Unfortunately, I tried to link up the article, but the website link is subscriber-only content. That being said, this article from TIME Magazine was a super interesting read about the possible future of the Auto Industry and I highly recommend finding this article by any means necessary!
I always check out the library first and foremost (and this is TIME Magazine, people. Your local library has it!) Other options might be to check it on at the Grocery store or via Zinio, or you can follow THIS LINK and subscribe to TIME Magazine right from your computer and read this and many other super interesting articles! (To clarify, this is not a sponsored post for TIME Magazine, but if anyone from TIME is reading this…let’s talk!)
The article in reference is from the March 7th, 2016 issue (and starts on page 52 if you’re looking to read as you stand in line at the grocery store!)
The article paints a picture of a world that is quickly becoming a reality: a world where humans no longer are necessary to operate a car. A world where “driving” becomes safer because, instead of leaving lives in the hands of flawed humans, we are trusting technology to calculate the best possible conditions. Technology communicating with one another to prevent collisions or even hail your car from miles away.
The technology information and the projections for the industry were super interesting, but what really drew me to this article, as a travel blogger, was the quick, passing mention that the writer, Matt Vella, made to appreciating the United States “Car Culture.” A love affair with cars that, with millennials, no longer exists. And I’ll admit that while I love road trips, I’m not passionate about cars. I drive a Corolla, and the only requirement I had when buying it is that it was low-mileage and I really wanted it to be grey. That ends my list of requirements for car buying. Could you imagine the same being true 50 years ago? I would have been laughed right off the car lot.
But I do love road trips! When I moved to Los Angeles from St. Louis, we traveled almost the entire distance of Route 66 (and before moving to Los Angeles, I traveled the St. Louis-t0-Chicago stretch of Route 66 many, many times. So for all intents and purposes, let’s say that I successfully completed Route 66…but in a few segmented journeys. Fair?) I had been dreaming of Route 66 for so long, and despite the fact that I was only able to spend four days driving it, it completely surpassed all I had dreamed for the country’s (world’s?) most iconic road trip. That’s where my love for road trips began, and it is a bug I have had a hard time getting rid of.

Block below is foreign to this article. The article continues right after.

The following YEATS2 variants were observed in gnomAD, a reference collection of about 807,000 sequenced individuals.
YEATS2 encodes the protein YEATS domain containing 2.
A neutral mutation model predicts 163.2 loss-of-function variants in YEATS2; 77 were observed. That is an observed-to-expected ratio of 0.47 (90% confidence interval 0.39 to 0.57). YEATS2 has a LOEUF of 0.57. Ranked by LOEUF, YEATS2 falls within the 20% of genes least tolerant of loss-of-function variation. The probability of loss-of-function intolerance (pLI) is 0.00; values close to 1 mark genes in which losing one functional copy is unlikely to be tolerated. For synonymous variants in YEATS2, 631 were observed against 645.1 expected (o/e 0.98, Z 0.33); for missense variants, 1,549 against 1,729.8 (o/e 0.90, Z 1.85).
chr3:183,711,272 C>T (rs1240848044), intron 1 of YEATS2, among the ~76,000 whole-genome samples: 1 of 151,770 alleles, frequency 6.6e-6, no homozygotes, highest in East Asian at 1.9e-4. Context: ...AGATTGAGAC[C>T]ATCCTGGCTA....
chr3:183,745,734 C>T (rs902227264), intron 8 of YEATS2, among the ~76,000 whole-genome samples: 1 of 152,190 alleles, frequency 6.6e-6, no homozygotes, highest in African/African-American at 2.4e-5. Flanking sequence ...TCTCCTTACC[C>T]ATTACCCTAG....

Since, I have taken many day trips of drives that took far longer than the time I had to explore the destination. Most recently, my trip to Yosemite, which required 12 hours of driving, round trip, for a day and a half of exploring the mountains, with a “full day’s” worth spent after sunset and only a “half day” in sunlight. It would be, what the hotel business would call “two-nights, one-day.” So I didn’t get to see all the amazing things that Yosemite had to offer, but that was easily overlooked for two obvious reasons:
- I had the opportunity to see Yosemite at all! It was an amazing experience and any time in Yosemite is time well spent. This short adventure reminded me of a trip I took in Switzerland to Zermatt, where I had spent 8 hours traveling round trip and was only able to spend 2 hours in Zermatt. It’s always worth it!
- The drive is half the fun of the trip! Along the way, we saw some amazing views of the beautiful mountains leaving Los Angeles. We became acquainted with Fresno and Bakersfield along the way. We even found this incredible little side-stop called Bravo Farms. It was a superb gift shop, lunch joint, antique shop, a seven-story tree house, and even chickens all in one!
Where would all this be without our car-culture? Isn’t the real reason for fun side-stops like Bravo Farms to give the driver a break from the road? If I could sleep the whole way to Yosemite, why would I stop at all? With the end of human-driven cars, we see the end of road trips as they are. While I can completely, totally, 100% support the safety benefits that comes with human-less driving, what I cannot fathom is the loss of road trips!
I am completely, embarrassingly afraid of driving in the city, and Los Angeles is by far the worst place for calm driving. I’ve been in one, car-destroying car wreck in my life and am grateful to have come out unharmed. Despite all these human errors that make driving terrifying, I couldn’t imagine my life without my drives around St. Louis or Los Angeles, without my road trip to Yosemite, or the one I have planned to San Diego and Big Sur. There are so many cons to human drivers, but there are so many pros to the American Road Trip.
Am I alone? Do the benefits outweigh the car-culture so heavily ingrained in our lives? I’d love to hear your thoughts! Self-driving car or no self-driving car?